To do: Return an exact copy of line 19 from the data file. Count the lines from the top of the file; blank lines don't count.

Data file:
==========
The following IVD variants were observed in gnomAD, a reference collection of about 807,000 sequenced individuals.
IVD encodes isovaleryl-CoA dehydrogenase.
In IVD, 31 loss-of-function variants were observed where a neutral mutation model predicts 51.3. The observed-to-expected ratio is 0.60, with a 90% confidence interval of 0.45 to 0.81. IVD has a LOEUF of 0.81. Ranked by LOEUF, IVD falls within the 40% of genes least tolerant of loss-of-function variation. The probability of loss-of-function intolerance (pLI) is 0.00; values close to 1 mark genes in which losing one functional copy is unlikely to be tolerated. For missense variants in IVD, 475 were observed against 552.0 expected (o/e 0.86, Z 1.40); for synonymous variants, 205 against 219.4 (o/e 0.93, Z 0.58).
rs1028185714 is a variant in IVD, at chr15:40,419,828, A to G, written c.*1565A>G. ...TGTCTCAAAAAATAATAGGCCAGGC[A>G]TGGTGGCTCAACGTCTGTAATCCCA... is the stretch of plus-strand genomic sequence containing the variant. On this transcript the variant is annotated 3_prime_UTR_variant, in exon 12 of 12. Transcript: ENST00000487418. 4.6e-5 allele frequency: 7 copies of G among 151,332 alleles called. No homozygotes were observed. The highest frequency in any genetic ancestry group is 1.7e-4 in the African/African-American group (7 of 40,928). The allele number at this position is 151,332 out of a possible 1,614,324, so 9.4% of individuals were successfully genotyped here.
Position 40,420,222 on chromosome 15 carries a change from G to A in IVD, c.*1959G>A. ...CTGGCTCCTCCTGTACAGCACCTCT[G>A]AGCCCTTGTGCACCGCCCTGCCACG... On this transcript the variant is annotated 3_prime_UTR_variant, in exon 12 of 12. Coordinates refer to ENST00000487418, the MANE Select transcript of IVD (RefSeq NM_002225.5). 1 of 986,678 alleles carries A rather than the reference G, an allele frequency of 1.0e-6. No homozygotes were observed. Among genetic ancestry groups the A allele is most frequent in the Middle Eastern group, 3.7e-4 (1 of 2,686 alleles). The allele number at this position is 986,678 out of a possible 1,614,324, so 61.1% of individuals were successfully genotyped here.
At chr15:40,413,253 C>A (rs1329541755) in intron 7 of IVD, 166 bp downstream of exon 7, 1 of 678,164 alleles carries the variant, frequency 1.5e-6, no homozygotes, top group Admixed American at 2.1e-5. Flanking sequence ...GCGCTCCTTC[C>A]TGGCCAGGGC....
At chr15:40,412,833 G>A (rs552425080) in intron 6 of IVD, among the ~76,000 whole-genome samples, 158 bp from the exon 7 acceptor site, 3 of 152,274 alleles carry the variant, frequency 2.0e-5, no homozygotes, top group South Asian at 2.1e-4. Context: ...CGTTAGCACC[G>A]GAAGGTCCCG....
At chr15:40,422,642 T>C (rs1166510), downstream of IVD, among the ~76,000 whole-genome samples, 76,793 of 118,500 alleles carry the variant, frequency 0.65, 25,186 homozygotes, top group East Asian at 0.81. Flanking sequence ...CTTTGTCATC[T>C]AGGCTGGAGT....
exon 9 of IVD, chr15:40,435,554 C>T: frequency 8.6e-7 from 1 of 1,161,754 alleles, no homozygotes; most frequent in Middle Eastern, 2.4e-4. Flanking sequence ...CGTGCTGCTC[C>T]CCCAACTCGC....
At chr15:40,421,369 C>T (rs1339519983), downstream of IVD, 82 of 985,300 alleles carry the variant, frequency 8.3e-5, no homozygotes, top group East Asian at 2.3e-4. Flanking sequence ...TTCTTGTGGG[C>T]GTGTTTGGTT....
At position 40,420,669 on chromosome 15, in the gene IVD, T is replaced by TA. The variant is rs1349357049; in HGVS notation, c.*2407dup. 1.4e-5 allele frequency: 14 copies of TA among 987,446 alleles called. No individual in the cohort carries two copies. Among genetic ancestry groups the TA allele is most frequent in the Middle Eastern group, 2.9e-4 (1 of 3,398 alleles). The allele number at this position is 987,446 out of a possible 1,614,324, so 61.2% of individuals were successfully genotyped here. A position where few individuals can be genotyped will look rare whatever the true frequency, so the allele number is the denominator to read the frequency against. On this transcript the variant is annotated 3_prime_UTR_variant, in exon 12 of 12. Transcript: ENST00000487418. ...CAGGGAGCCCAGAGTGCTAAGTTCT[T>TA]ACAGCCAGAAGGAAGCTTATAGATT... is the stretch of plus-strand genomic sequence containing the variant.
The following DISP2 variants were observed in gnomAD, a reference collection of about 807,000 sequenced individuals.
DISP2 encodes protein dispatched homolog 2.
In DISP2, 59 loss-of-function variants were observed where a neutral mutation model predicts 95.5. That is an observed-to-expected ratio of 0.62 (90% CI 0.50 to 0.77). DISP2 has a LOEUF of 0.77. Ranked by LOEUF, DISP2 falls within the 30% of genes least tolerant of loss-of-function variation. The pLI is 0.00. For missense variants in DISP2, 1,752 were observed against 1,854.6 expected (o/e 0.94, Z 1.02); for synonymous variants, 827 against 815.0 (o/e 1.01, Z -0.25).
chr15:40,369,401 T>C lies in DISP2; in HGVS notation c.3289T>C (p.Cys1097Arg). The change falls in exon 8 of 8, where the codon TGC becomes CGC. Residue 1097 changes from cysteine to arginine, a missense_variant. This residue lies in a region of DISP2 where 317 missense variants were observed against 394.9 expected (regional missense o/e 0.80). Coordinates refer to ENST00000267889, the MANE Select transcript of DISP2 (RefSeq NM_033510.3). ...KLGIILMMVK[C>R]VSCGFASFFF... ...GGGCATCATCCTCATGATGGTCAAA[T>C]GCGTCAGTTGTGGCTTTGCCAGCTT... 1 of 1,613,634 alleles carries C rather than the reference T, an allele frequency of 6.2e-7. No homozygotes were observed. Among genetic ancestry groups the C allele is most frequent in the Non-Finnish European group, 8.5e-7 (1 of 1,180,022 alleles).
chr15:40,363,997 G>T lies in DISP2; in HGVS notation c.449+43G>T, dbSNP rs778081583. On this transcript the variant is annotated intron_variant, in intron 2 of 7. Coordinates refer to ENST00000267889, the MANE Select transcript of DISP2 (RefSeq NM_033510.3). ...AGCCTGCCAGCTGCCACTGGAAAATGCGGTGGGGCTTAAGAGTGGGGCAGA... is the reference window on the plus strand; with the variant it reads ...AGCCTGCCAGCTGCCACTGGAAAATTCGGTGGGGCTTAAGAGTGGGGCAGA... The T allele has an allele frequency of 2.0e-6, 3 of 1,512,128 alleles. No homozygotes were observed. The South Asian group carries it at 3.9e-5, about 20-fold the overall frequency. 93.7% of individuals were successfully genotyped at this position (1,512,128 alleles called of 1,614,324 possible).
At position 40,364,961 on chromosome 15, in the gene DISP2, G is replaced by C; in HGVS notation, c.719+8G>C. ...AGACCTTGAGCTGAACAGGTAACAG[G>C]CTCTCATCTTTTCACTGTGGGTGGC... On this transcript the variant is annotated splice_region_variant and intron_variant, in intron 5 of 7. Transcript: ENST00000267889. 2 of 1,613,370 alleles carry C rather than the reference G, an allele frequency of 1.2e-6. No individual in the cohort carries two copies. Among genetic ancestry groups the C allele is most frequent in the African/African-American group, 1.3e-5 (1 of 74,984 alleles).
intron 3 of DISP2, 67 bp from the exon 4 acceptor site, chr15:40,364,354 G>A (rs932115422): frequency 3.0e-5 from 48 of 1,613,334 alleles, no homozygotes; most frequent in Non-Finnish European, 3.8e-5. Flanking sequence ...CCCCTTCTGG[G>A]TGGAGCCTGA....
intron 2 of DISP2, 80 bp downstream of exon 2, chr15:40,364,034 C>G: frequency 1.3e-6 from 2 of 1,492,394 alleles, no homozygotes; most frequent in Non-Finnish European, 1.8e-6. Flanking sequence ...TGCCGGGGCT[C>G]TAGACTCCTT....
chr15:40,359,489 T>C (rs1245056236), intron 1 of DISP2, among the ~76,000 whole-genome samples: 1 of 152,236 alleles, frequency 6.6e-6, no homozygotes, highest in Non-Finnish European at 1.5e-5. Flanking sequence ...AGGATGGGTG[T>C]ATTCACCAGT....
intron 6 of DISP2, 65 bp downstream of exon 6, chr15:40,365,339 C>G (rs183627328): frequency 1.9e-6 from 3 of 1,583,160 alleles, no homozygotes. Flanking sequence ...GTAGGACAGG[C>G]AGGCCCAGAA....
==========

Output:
intron 2 of DISP2, 80 bp downstream of exon 2, chr15:40,364,034 C>G: frequency 1.3e-6 from 2 of 1,492,394 alleles, no homozygotes; most frequent in Non-Finnish European, 1.8e-6. Flanking sequence ...TGCCGGGGCT[C>G]TAGACTCCTT....